7 Lessons from 7 Boss Moms

Guidelines for success, from 7 of the world’s most powerful working mothers

Being a mom might be the toughest job in the world, and for 70 percent of American mothers who also work outside of the home, it’s just one of two tough jobs. That makes it all the more interesting when women in powerful positions of leadership sound off on what they’ve learned as working mothers. Want to know how Massachusetts senator Elizabeth Warren made it through law school with two young children and a third on the way? Or why choosing the right partner made all the difference to Melinda Gates, or what Chelsea Clinton thinks about leadership symbols that will matter to her 7-month-old daughter? Read on.

On Mother’s Day, as you celebrate yourself or all the moms in your life, consider these lessons gleaned from seven sage mothers who are some of the most powerful women in the world.

1. Ask for help when you need it

Massachusetts senator Elizabeth Warren is an illustrious former professor at Harvard Law School and a tireless consumer advocate for corporate accountability. But decades ago, as a grad student and mother of two, she had a very recognizable working-mom moment—wanting to give up. She asked her family to step in and help her take care of her children as she finished law school (graduating while 8-months pregnant), which allowed her to pursue an increasingly ambitious career. Recalls Warren:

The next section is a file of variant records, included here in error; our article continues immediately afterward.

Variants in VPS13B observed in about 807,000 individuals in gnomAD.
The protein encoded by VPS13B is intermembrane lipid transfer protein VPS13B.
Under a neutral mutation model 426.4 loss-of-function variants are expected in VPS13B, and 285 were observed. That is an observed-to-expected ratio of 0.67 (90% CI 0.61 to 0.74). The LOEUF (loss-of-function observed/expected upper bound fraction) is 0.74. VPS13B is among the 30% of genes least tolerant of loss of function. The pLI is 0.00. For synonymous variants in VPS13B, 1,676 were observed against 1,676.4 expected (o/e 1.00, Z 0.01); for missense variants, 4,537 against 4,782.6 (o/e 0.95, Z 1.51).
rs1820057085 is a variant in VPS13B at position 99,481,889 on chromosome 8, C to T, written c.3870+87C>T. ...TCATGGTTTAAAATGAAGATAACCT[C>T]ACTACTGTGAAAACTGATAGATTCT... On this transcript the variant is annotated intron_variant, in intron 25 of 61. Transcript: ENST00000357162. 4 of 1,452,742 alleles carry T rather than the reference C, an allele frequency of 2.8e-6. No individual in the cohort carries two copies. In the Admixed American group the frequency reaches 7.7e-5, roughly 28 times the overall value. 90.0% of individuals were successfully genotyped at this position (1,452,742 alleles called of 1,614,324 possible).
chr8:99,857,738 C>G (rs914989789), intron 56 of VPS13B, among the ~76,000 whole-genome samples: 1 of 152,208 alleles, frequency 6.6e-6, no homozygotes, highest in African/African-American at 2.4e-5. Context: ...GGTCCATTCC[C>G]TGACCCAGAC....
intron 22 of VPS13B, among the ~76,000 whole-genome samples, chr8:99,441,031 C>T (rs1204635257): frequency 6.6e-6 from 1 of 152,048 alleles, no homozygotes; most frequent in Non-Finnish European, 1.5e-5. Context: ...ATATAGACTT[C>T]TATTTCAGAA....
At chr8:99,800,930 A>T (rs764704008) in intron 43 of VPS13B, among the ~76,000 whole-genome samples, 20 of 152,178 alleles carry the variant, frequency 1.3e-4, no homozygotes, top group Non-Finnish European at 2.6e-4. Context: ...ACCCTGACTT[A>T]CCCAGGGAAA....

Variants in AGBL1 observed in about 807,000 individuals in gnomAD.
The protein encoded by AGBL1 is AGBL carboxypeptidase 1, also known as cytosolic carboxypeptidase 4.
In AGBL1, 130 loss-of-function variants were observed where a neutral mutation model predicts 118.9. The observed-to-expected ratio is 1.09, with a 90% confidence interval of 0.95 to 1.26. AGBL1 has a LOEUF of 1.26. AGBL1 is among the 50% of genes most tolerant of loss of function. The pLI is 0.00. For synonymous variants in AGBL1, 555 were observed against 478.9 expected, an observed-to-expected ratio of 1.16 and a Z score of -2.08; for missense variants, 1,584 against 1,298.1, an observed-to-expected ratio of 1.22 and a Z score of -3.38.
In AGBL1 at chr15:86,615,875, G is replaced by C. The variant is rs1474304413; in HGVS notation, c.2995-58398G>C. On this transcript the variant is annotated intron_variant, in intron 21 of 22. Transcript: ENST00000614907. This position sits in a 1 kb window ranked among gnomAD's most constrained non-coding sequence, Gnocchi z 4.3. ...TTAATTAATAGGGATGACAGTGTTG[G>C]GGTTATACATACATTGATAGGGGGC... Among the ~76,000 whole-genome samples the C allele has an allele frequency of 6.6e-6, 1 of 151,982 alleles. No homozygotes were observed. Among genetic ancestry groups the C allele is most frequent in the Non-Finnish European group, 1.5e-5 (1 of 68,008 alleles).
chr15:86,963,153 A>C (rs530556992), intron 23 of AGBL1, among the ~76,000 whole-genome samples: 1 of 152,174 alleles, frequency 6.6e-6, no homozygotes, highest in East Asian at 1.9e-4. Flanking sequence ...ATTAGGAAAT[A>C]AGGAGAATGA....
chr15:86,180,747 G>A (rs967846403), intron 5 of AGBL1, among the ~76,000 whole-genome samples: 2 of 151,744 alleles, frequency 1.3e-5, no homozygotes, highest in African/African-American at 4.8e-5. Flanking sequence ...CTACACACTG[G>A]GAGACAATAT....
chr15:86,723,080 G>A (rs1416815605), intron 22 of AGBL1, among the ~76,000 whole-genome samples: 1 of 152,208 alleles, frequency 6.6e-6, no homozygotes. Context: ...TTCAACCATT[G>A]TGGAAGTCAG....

“My Aunt Bee had called me, and I started to cry, and I said, ‘I just can’t do this. I think I’m going to quit.’ Her aunt calmed her down and instructed her to wipe her nose. Then said, ‘Well, Sweetie, I can’t get there tomorrow. But I can be there Thursday.’ She arrived with seven suitcases and a Pekingese and stayed for 15 years.” 


Courtesy of (clockwise from top left): Elizabeth Warren; Elizabeth Warren; Elizabeth Warren; inquisitr; mommy2go.

2. Take time off for family to gain career insights

Susan Wojcicki is the CEO of YouTube, one of the world’s largest companies, and is also a mom of five who leaves work by 6 p.m. each night and takes a few months of maternity leave at the birth of each baby. By example and by policy, she is advancing the cause of working parents at YouTube (implementing extended maternity leave, special parking for expectant mothers, and generous flex time) because she believes that it is vital to value time with family. Says Wojcicki:

“I’ve found that it’s really important to take time off, and I’ve found that sometimes you get really important insights by taking time off, too…I want people to realize that it really is ok, that you can have a family. I don’t feel like I’m a perfect mom, and then there are times at work that I feel like maybe I wasn’t perfect here because of constraints on my time. But having the sum of both of those things going on in my life makes me a better mom at the end of the day, and gives me really important perspective in the workplace as well.”

Courtesy of (clockwise from top left): womensilab; moms the word; techcrunch; mamamia; today.

Courtesy of (clockwise from top left): womensilab; moms the word; techcrunch; mamamia; today.